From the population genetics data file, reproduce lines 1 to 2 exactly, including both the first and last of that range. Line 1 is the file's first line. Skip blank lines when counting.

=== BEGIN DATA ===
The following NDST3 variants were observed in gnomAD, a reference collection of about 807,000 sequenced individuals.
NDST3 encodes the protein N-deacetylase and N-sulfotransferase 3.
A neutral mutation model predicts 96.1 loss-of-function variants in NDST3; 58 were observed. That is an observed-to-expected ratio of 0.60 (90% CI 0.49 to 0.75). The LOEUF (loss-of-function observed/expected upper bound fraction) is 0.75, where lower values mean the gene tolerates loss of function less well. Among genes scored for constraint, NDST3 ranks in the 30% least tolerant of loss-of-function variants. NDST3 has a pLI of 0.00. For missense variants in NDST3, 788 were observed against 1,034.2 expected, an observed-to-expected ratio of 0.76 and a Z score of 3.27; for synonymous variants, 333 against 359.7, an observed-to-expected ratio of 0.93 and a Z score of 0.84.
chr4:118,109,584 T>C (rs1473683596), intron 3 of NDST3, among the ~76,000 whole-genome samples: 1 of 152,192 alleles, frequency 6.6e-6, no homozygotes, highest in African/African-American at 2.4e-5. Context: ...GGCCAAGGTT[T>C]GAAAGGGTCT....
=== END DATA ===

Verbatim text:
The following NDST3 variants were observed in gnomAD, a reference collection of about 807,000 sequenced individuals.
NDST3 encodes the protein N-deacetylase and N-sulfotransferase 3.